Capacity Assessment Purpose To identify assess and gaps in the region and these that may lend themselves to regionalization. Process: Framework of the National Association of City and County Health Officials Essential Service Standard Indicator Revised Tool Lead organization : Regional Partners : State Each region in the state (7 to start) You are first!! So, the purpose of the assessment is….and this is part of a greater effort of public health regionalization that is underway in NH. It is part of an effort to build the public health infrastructure, and so, we are assessing the assets and gaps of each region as they relate to deviverying the 10 essential public health services. Now, if you have any questions about the 10 essential services or whether you deliver any of them, you will hopefully have a very clear understanding before too long, and by the end of the day. And, as I mentioned, as our first regional assessment. Until today it has been all very conceptual. We are truly assessing the process of the assessment, and looking for how it can be improved. Until today it has been all very conceptual.

28 What is the Governance Assessment?
Focuses on figuring out who’s responsible or held accountable; not doing the work but overseeing it; Who’s overseeing performance of the public health entities who are partners. Who’s assessing the degree to which the partners in the region have the necessary authority, resources and policies to provide essential public health services. Assures that the infrastructure exists to protect and promote health in the community.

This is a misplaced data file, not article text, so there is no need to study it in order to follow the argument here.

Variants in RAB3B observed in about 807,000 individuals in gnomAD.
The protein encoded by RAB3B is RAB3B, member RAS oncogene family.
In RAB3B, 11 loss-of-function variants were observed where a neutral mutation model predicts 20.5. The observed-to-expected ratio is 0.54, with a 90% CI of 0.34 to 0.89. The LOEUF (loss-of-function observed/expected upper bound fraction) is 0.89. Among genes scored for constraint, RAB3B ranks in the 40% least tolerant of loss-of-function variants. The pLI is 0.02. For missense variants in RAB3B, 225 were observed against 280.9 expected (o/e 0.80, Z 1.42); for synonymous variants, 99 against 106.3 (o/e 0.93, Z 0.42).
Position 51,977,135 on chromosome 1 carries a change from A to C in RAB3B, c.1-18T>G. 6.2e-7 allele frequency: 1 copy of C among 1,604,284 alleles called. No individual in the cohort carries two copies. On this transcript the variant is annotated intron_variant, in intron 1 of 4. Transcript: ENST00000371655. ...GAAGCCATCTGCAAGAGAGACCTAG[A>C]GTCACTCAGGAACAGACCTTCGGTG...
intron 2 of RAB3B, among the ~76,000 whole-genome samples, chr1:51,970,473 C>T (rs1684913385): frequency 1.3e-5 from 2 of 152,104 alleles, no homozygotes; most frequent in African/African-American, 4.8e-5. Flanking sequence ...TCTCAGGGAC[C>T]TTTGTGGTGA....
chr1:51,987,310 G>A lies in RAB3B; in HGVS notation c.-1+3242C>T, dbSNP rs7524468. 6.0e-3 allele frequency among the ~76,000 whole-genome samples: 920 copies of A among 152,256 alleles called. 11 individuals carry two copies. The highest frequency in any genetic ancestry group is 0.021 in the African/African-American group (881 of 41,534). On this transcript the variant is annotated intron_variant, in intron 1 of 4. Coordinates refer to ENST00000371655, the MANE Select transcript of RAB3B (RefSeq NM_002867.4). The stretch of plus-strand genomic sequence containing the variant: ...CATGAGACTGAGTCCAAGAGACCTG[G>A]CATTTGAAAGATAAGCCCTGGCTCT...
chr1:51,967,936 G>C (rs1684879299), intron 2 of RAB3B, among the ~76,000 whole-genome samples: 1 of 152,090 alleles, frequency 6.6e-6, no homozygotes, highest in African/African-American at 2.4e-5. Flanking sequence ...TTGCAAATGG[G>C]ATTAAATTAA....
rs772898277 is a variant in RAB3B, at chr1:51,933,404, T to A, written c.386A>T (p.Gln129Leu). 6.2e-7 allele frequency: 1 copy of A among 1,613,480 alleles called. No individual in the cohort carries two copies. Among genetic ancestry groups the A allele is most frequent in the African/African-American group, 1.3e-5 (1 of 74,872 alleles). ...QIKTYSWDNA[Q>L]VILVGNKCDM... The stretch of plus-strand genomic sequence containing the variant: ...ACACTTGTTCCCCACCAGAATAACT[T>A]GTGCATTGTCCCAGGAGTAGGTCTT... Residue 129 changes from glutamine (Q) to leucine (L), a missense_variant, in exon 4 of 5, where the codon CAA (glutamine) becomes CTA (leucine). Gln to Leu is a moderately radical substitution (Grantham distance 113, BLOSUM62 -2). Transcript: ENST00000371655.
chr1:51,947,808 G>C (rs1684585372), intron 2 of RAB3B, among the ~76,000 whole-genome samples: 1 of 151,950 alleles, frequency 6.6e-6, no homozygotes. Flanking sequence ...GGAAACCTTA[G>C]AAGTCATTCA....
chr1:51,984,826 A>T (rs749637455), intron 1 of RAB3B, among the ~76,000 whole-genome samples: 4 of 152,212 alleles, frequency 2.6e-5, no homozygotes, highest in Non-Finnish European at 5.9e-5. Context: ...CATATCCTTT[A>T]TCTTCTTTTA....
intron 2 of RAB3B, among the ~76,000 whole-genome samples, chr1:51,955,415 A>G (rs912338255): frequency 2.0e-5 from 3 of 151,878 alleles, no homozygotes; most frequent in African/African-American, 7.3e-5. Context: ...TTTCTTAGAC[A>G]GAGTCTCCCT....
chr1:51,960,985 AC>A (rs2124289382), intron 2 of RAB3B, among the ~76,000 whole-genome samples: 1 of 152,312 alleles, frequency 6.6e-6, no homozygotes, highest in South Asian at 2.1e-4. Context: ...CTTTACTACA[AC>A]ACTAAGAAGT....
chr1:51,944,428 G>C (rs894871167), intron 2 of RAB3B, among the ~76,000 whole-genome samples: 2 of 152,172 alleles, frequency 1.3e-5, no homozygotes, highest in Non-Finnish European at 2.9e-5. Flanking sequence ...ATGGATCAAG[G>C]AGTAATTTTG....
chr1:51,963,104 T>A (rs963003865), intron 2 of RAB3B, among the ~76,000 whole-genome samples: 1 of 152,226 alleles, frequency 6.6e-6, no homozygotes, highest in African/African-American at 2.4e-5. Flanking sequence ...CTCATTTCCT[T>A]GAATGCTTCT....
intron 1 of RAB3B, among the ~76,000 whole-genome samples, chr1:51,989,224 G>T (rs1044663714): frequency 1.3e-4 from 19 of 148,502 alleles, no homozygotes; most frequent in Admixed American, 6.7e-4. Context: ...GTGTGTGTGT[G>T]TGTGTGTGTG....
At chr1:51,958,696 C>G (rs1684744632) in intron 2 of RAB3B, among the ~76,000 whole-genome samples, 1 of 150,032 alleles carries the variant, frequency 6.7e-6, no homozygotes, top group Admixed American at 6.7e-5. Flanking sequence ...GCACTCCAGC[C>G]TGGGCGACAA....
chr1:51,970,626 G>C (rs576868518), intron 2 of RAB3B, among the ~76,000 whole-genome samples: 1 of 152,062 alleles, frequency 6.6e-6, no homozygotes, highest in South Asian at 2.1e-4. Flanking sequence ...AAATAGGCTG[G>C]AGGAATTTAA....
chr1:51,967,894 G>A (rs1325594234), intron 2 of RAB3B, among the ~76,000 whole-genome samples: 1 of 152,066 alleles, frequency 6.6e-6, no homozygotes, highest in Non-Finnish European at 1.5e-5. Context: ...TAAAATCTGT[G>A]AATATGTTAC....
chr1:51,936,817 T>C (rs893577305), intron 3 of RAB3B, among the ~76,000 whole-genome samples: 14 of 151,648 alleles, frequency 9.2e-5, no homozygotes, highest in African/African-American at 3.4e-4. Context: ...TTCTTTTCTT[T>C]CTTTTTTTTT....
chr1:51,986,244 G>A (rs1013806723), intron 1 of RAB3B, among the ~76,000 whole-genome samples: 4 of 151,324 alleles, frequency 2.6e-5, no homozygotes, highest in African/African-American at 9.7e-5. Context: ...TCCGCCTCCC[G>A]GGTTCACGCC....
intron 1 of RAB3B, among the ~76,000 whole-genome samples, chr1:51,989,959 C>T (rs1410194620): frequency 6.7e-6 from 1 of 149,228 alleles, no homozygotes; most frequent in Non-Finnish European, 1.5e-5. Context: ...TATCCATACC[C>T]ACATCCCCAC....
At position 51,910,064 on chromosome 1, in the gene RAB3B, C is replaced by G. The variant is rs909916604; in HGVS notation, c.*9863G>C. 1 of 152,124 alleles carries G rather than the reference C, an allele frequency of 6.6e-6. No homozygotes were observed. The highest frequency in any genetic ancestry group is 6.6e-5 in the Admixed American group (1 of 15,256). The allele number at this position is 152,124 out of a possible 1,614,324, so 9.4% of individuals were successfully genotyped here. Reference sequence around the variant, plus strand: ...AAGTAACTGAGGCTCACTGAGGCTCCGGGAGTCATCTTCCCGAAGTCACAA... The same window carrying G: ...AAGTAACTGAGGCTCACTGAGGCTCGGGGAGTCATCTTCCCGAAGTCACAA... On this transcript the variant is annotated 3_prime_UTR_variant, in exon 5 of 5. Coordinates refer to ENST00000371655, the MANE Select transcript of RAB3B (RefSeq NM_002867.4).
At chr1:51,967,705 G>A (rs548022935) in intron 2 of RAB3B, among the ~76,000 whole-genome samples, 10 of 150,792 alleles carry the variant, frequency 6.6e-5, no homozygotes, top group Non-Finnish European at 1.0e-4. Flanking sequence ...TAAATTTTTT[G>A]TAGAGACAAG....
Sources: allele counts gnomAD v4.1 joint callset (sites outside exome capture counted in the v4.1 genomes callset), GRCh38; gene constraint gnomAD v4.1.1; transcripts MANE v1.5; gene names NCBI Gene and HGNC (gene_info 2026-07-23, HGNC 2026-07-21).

29 Governance Assessment in Two Parts
Part I: Examining Readiness to Serve in a Governance Function: The first part of the assessment provides a tool to measure the region’s readiness to serve as governing body or Public Health Council to oversee the delivery of services and programs. Part II: Examining Types of Lead Public Health Entities Participants will use part II of the tool to hold a facilitated discussion about the different options available for the region’s Public Health Council to choose as a lead public health entity (type of entity).

30 What Will Change? Statewide, regional and more formalized recognized system, in law that provides a more even level of each essential service Coordinates the current fragmented system that delivers very different levels of service More efficient use/better coordination of existing resources Based on national standards -PHAB

31 What Won’t Change? Municipalities retain legal authority for enforcing state laws and local ordinances DPHS provides some core services such as lab and disease control Local agencies will still receive funds directly from DPHS but will need to be part of the regional system

32 And the benefits will be…
Higher quality services at the best possible cost Ability to measure ourselves against national standards Better positioning for increasingly competitive federal funds

33 Questions? Joan Ascheim
NH Dept of HHS, Division of Public Health Services ext. 4110 Lea Lafave Community Health Institute/JSI